Greek restaurants across the USA had to adapt and adjust their menu and recipes. This usually happens with in three ways: i) the adaptation of classic recipes to whatever ingredients are available ii) the adaptation to the taste palette of the locals and iii) the adoption of dishes from other countries just because the locals seem to like them. Actually one of the most classic dishes, the poster child of the Greek food, the gyro sandwich originated in its final form in New York by Greek food track vendors out of necessity to battle tacos and shawarma as a fast food alternative. In the restaurant scenery, one of the Greek adopted dishes was, and still is, the hummus.
This the last cocktail of the six famous cocktails. It is probably the least famous cocktail of the david A. Embury ‘s coctails. Jack Rose is the name of a classic cocktail, popular in the 1920s and 1930s, containing applejack, grenadine, and lemon or lime juice. It notably appeared in a scene in Ernest Hemingway’s 1926 classic, The Sun Also Rises, in which Jake Barnes, the narrator, drinks a Jack Rose in a Paris hotel bar while awaiting the arrival of Lady Brett Ashley.
The Sidecar is a classic cocktail traditionally made with Cognac, Cointreau, and lemon juice. It is one of six basic drinks listed in David A. Embury’s classic (The Fine Art of Mixing Drinks). The exact origin of the Sidecar is unclear, but it was created around the end of World War I in either London or Paris. It is a variation on the older Brandy Daisy (brandy, yellow Chartreuse, and lemon juice). The first recipes for the Sidecar appear in 1922, in both Harry MacElhone’s Harry’s ABC of Mixing Cocktails and Robert Vermeire’s Cocktails and How to Mix Them. In early editions of MacElhone’s book, he cites the inventor as Pat MacGarry, “the Popular bar-tender at Buck’s Club, London”, but in later editions he cites himself. Vermiere states, “This cocktail is very popular in France. It was first introduced in London by MacGarry, the celebrated bar-tender of Buck’s Club.” David A. Embury (The Fine Art of Mixing Drinks, 1948) credits the invention of the drink to an American Army captain in Paris during World War I “and named after the motorcycle sidecar in which the good captain was driven to and from the little bistro where the drink was born and christened”.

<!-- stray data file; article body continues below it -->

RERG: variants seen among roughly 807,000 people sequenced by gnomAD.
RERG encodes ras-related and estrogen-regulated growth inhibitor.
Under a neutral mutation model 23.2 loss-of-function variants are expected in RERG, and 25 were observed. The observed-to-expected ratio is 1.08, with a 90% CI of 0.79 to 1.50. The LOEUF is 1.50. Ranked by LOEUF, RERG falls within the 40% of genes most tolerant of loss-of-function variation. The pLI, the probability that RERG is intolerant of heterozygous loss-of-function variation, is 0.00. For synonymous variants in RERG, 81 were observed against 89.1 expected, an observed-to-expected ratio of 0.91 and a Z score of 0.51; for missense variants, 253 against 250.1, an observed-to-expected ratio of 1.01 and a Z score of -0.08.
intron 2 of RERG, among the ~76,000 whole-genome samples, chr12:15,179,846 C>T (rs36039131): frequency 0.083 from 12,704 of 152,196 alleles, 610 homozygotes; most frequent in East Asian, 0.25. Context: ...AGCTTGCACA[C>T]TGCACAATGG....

The name Daiquirí is also the name of a beach near Santiago, Cuba, and an iron mine in that area. The cocktail was invented about 1905 in a bar named Venus in Santiago, about 23 miles east of the mine, by a group of American mining engineers. Among the engineers present were Jennings Cox, General Manager of the Spanish American Iron Co., J. Francis Linthicum, C. Manning Combs, George W. Pfeiffer, De Berneire Whitaker, C. Merritt Holmes and Proctor O. Persing. Although stories persist that that Cox invented the drink when he ran out of gin while entertaining American guests, the drink evolved naturally due to the prevalence of lime and sugar.